but the right wing/militarian dominants and their egos within that
    nation refuse to recognize and acknowledge or accept it.

    nations such as the U.S. (and many others) realize and accept that they
    simply must learn to live within their means, and scrap this almost
    globally ubiquitous flawed socio-economic model that assumes infinite
    growth while ignoring the limits and laws that finite resources (real
    life things) imposes, then the U.S. and other nations like PIGS aren’t
    going to be the only ones to fall.

    When are we going to learn
    that this pointless struggle between nations to be the ‘last one
    standing’, from a socio-economic sense, isn’t ultimately going to
    achieve any real gains when the vast remaining world (inclusive of
    humanity/socio-economy AND the natural environment) around them has
    become so degraded that the End can hardly justify the Means?

    this really is about is Earth’s human population, having become so
    unchecked, is well on its way into chaos and eventual crash, events well
    known to occur when any population that outgrows the basic resources
    that are the only thing maintaining that population in the first place!

    Tapping into stored fossil solar-derived energy, as well as some
    dumb-ass idea to try to infinitely create money by infinitely creating
    debt, only cheated us into thinking that we are beyond or immune to the
    basic natural laws and limits of this planet.

    It isn’t a
    coincidence that S@!# is simultaneously hitting the fan globally on the
    energy, monetary, and social order fronts.  These have become so
    intricately interdependent and self-indulged that most people have
    completely forgotten that at the end of the day, all that really matters
    is quality air, basic water & food, basic shelter, and adequate
    space — all of which can bring content exclusive of all the other crap
    that has complicated and clouded what people otherwise view to be

    Ya, there have been wars and much greater social disorder
    in the past.  But the game has changed this time.  This time its not a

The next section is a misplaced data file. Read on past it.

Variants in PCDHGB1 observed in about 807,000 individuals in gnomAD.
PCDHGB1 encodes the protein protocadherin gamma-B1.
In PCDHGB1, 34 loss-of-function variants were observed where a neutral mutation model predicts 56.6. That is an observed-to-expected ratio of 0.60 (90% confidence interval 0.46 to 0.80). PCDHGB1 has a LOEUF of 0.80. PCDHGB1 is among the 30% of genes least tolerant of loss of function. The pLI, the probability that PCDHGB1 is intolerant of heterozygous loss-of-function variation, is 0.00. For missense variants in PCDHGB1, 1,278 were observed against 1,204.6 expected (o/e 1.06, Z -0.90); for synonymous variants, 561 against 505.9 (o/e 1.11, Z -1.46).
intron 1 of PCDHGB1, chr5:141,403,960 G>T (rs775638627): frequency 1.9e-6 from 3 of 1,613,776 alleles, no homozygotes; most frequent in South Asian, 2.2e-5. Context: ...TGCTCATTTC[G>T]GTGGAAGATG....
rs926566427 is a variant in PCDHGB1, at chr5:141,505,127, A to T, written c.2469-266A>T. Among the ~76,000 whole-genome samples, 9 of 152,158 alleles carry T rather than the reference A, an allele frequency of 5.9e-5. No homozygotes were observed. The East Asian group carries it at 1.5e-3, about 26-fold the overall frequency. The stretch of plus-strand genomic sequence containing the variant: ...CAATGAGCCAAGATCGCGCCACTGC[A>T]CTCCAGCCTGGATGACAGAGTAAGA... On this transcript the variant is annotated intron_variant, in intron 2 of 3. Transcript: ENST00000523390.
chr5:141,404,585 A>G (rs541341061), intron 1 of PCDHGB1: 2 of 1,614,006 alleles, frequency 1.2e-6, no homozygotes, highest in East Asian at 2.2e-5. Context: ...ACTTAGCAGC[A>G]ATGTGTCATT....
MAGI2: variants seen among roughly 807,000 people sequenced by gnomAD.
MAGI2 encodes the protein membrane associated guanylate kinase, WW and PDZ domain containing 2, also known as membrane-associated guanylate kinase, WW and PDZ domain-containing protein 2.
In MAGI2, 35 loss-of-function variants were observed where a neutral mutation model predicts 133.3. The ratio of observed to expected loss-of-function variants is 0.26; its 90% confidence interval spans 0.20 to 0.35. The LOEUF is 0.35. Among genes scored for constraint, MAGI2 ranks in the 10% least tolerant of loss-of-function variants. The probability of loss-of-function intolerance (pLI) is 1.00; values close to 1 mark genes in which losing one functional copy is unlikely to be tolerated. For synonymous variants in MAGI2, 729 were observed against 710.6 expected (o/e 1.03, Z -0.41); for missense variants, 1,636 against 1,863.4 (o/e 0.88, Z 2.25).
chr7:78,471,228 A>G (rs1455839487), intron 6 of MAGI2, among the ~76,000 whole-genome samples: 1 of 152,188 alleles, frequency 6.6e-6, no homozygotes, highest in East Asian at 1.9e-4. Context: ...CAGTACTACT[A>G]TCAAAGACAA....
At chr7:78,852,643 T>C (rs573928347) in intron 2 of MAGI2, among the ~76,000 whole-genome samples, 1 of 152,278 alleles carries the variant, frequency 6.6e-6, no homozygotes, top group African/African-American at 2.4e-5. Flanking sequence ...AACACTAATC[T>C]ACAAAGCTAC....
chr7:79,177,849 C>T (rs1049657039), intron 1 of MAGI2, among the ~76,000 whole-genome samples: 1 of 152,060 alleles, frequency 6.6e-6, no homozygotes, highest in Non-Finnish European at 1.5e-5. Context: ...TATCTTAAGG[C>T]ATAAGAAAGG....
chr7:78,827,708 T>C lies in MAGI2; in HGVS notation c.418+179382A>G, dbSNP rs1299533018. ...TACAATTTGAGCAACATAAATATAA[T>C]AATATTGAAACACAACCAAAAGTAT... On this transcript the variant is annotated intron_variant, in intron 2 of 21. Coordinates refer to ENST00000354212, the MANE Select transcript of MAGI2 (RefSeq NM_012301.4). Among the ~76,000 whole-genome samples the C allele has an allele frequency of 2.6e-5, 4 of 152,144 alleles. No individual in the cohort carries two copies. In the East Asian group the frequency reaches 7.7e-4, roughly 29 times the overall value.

game where we get a second or additional chances — its the real-deal
    and we have one chance to get it right or humanity as we know it is
    toast (though arguably that might be a good thing).

    And it begins with embracing the reality that there simply will have to be fewer, not more, of us on Earth. 

  • Frankpetracek

    Game over it’s just a matter of what domino falls first,Greece,Spain,or the us, it was a good ride while it lasted, I’m in my home near Malibu bought for 300 thousand put 200 into it worth 650 thousand for now, wife lost 250,000 dollar job., utilities are killing us

  • Frankpetracek

    Saw a quarter in half it well shock you they are worth .50 yes one half cent if you melt it down pre 1964 are worth 7.00 dollars scary

  • Frankpetracek

    .05 sorry

  • Frankpetracek

    Make sure that fence along the Mexican border is low enough for a 50 year old to clear, might have to go south for work.

  • Frankpetracek

    The deficit number is beyond anything we could ever pay back, they lower are credit rating more interest payment, I’m 50 and seen enough recessions this is to big to come back from the only jobs were created from housing, a box you had to fill great scam while it lasted, I’m in north of Malibu and it’s a blood bath

  • Instincts

    A lot of people don’t understand or (care to) appreciate the significance of compound interest, nor the real effects that principle has on things, such as interest or growth in terms of real numbers, aside from percentages.

    Consider a mouse that weighs 10 ounces, and a whale that weighs 10 tons or 20,000 pounds. 

    A 50% increase in that mouse’s weight over a one year period is 5 ounces.

    A 5% increase in that whale’s weight over a one year period is 1000 pounds or 16,000 ounces.

    Note the 45% less percent increase in the elephant’s weight than that of the mouse, yet still a 15,995 ounce REAL increase over that of the mouse.   This is why, if a person must choose, shouldn’t be blinded into paying off a $1000 credit card debt that has $15% monthy interest over pre-paying $1000 of pure principle on a $150,000 mortgage, even though it only has $3.5% monthly interest, especially early in the loan period.

    Now consider a debt like that of the U.S., which is in the realm of $14 trillion and rising.
    That’s $14,000,000,000,000

    To eliminate that debt (i.e., wipe out the principle), it would take 1,400 billionaires to simultaneously agree to eacj give the U.S. Treasury $10 billion dollars, just to bring the principle to zero, ignoring the enormous interest constantantly building on that principle.  A 1/2% (0.5%) monthly interest accrual on such a principal equates to $70 billion ($70,000,000,000) per month.  Lacking any ability to pay off any of that $14 billion principle (a likely scenario), it would alternatively require 7 of those billionaires to each kick-in $10 billion each month, just to keep the principle balanced at $14 billion.  Fat chance such a saviour scenerio would ever occur.